WTO members suspended the Doha round of trade talks in July 2006. Trade Forum reviewed 50 media sources for their reactions.
Most opinion-makers were seriously concerned about the future of world trade. There were also those who welcomed the breakdown in negotiations. Many voices called for restarting the talks, but few provided concrete solutions on how to do so.
Alternatives to a Doha deal point to bilateral and regional agreements. The widespread opinion is that this solution is far less effective than multilateral agreements.
Commentators also debate the future of the WTO. Should it help manage and monitor bilateral trade deals or only enforce existing WTO rules? Can it assume more flexibility, so that countries that do not wish to participate in specific negotiations and sign related agreements would not be obliged to do so?
ITC is listening to many voices as it helps developing countries identify their interests and position them appropriately in the trade debate.
A sample of recent commentary:
YALE GLOBAL ONLINE
All Fall Down
"Doha agreement or not, trade among the big countries is booming, their growth rates rising, with unemployment lines shortened. The wealthy nations can live with a stalemate.
"The real losers are cotton farmers in West Africa, tex tile workers in low-income Asian and Muslim states, and low-income shoppers in the poorest quarters of America and Europe. The Doha Round was supposed to help the world's poor, by lowering subsidies that keep Mali's cotton out of textile mills, tariffs that limit the flow of Cambodian T-shirts and other clothes to shelves."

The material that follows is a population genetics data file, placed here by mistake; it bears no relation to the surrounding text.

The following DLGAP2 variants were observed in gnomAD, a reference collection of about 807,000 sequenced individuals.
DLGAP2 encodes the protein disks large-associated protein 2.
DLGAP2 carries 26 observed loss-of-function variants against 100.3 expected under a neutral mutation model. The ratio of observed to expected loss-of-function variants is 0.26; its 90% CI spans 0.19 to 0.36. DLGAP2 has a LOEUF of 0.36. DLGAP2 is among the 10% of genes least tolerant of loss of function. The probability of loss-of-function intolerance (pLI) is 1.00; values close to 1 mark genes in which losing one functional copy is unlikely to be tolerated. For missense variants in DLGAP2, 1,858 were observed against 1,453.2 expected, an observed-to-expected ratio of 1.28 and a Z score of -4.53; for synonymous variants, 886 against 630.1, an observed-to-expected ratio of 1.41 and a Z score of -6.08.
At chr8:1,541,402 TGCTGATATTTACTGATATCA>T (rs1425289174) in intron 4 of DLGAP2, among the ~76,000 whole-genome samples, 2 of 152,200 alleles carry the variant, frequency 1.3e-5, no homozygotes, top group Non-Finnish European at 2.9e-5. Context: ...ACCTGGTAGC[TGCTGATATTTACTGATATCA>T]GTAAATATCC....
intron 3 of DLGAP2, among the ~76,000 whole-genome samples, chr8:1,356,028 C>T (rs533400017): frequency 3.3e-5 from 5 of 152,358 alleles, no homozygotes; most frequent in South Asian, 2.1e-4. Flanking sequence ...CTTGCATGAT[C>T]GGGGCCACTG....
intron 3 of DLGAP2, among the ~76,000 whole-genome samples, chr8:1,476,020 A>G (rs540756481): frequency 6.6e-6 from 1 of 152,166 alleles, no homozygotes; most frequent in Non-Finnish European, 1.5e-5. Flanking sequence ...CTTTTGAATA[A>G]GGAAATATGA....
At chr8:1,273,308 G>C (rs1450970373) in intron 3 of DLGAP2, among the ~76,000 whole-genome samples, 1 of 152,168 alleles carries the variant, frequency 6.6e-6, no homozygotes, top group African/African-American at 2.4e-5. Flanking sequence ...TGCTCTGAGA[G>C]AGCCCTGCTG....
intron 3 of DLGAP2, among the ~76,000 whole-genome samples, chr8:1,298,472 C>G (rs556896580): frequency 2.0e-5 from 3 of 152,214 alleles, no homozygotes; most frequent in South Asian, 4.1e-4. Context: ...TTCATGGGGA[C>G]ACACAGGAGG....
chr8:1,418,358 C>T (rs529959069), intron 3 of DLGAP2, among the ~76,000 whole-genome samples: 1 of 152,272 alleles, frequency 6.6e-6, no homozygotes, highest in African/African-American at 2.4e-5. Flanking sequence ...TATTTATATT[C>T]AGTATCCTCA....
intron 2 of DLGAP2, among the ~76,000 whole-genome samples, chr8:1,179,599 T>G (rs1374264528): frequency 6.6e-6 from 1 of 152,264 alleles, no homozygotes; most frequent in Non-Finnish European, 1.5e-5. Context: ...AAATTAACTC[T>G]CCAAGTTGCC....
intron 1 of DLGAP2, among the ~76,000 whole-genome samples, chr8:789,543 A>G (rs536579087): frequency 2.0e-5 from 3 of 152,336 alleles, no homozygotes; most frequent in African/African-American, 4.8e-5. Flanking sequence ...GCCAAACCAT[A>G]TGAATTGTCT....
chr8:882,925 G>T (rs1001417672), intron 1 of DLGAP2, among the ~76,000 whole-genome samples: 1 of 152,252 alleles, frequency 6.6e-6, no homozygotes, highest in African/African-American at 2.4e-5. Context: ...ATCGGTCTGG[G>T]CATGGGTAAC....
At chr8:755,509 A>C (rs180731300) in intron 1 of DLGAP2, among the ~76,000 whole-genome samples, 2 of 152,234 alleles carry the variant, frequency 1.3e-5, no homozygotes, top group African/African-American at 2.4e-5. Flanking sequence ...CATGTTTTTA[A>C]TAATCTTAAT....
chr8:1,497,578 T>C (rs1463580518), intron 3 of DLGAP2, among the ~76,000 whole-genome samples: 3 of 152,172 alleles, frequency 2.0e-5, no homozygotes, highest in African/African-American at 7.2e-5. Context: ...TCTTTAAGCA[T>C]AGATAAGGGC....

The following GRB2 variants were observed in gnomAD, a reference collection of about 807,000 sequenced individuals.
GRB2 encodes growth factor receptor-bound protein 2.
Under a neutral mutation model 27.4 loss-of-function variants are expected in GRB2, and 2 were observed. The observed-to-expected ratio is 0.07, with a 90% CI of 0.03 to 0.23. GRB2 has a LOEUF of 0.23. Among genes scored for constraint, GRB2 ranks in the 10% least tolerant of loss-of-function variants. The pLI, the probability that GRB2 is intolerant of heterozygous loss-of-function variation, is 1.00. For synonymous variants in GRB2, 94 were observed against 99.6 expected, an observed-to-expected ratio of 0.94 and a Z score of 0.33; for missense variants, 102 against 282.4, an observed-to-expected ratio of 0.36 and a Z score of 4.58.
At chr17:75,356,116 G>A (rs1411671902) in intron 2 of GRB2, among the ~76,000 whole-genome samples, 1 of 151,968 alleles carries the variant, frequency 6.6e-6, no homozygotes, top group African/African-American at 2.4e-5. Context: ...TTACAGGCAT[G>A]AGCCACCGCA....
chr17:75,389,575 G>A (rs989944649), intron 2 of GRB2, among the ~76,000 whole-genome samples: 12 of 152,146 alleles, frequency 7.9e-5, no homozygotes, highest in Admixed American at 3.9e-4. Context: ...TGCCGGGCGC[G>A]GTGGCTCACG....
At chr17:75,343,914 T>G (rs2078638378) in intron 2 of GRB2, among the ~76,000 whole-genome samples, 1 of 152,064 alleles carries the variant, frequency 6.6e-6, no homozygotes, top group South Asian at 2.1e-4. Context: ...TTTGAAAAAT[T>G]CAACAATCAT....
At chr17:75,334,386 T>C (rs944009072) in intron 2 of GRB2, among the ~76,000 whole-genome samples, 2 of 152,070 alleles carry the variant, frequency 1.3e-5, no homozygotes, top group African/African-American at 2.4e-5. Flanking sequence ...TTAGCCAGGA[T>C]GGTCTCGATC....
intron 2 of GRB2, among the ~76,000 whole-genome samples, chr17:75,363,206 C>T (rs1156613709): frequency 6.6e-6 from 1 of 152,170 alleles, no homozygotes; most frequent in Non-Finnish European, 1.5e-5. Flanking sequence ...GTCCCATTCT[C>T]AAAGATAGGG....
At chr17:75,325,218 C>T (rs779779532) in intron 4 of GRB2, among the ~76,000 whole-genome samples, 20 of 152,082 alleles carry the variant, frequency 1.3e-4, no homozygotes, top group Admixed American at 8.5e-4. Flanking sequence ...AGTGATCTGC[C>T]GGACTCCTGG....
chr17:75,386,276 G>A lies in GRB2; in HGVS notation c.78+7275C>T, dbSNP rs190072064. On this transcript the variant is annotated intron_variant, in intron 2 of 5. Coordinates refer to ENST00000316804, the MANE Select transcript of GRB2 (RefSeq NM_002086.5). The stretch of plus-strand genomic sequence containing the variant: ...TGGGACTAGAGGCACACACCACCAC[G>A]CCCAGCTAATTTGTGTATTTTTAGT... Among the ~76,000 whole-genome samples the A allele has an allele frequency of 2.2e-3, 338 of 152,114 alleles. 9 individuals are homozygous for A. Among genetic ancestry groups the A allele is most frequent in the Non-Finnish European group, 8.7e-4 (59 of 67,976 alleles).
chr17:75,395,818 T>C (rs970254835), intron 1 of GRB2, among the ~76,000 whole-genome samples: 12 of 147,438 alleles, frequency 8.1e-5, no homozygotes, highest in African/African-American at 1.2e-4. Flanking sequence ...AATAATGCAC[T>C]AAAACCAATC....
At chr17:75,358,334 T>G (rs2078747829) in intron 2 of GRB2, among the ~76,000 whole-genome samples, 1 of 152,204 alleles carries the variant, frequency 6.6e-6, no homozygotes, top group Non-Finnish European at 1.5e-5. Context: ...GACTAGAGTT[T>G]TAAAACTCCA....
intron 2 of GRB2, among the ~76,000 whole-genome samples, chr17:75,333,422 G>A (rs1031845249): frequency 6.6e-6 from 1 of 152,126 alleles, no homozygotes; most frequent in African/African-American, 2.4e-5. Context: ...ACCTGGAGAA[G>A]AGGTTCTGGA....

Edward Gresser, Yale Global, 27 July 2006
Plan B for world trade
"The indefinite suspension of the Doha round [...] creates big risks for the world economy. A new explosion of discriminatory bilateral and regional agreements is likely to substitute for global liberalization. This will inevitably erode the multilateral rules-based system of the WTO. The backlash against globalization will generate more protectionism in the vacuum left as momentum toward wide-ranging reduction of barriers ceases, especially as the world economy slows and global trade imbalances continue to rise. Financial markets will become more unstable as international economic cooperation breaks down further."
C. Fred Bergsten, Institute for International Economics, Financial Times, 15 August 2006
The wrecking of the world trade talks was senseless and short-sighted
"This disaster, born of complacency and neglect, signals a defeat of the common good by special-interest politics. If the wreck is terminal - and after a five-year stalemate, that seems likely - everyone will be poorer, perhaps gravely so."
The Economist, 29 July 2006
Africa: Failure of Doha Talks Bad for Africa
"Failure for the US and other countries to cut cotton subsidies is fatal for the cotton industry in Africa. Continual dumping of cheap cotton products on world markets lowers returns for African cotton farmers, and leads to continual loss of household employment and earnings [...]
"Implementation of the deal on access to essential drugs such as anti-retroviral and anti-malarial drugs in public health crises in developing countries is uncertain. This rolls back healthcare efforts on the continent with the largest number of AIDS and malaria patients in the world [...]
"Implementation of duty free, quota free market access, aid for trade for LDCs [least developed countries], is in balance under the Development Agenda. These preferences risk being eroded as a result of bilateral trade deals that will be negotiated by granting countries after the failure of the multilateral trading system.
New Vision (Kampala, Uganda), 6 September 2006
The Collapse of the Doha Round - Broader Implications
"The Multilateral Trading System is based on the principle of non-discrimination. …